Mr. Kobach called that laughable, and the dissenting judge in the 2-1 decision at the appeals court level, Judge Carlos Bea, said to accept that argument would give other countries a “heckler’s veto” over state laws.
Brian Bergin, an attorney for Sheriff Larry A. Dever, whose Cochise County includes 83 miles of the Mexico border in Arizona, said he will be watching to see what the justices say about that during oral argument.
“If the administration prevails in its argument that state law can be pre-empted by virtue of the objections of foreign interests, we’ve put ourselves in a position where I guess foreign policy becomes more important than homeland security,” Mr. Bergin said.
Last year, the Supreme Court upheld an earlier Arizona law that requires all businesses in the state to use E-Verify, the federal government’s voluntary database that checks potential hires’ Social Security numbers to determine whether they are authorized to work in the U.S.
In that case, the court, in a 5-3 decision, said Congress specifically left the door open to states to enact business licensing schemes.
Mr. Wildes said the two cases are different and that the E-Verify decision won’t set a precedent for the law enforcement case, but Mr. Kobach said it is an example of concurrent enforcement by states using a federal tool. He also said since that case is now official precedent, he will be looking to see whether the justices who dissented will now feel bound by it.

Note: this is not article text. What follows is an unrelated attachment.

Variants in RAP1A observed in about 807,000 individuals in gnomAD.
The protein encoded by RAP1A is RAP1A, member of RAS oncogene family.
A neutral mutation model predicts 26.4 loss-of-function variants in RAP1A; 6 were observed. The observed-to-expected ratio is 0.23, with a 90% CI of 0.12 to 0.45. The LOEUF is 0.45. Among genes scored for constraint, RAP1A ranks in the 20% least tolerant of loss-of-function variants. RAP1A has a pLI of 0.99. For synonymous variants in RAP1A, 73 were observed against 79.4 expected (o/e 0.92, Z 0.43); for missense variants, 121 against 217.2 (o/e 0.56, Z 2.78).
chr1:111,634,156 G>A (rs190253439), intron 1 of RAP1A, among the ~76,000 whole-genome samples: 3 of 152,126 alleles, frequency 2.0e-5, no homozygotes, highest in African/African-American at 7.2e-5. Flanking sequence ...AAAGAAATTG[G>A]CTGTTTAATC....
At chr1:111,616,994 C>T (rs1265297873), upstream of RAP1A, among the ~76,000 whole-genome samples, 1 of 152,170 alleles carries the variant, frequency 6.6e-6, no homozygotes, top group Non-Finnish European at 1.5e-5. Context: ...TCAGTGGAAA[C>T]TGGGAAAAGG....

The list of those who have officially intervened to keep tabs on the current case reads like a who’s who of the immigration movement: Arizona Sheriff Joe Arpaio, who supports the law; two former Arizona attorneys general who opposed the law; the AFL-CIO and the Service Employees International Union, who have taken the lead as the labor movement has embraced legalization; the U.S. Conference of Catholic Bishops, which also pushes for legalization of illegal immigrants; and Rep. Lamar Smith, Texas Republican and chairman of the House Judiciary Committee.
Justice Elena Kagan recused herself from the case in December, presumably because of her work as solicitor general.
Arguing on behalf of Arizona is Paul D. Clement — the same man who argued the recent case for challengers to Mr. Obama’s health care law.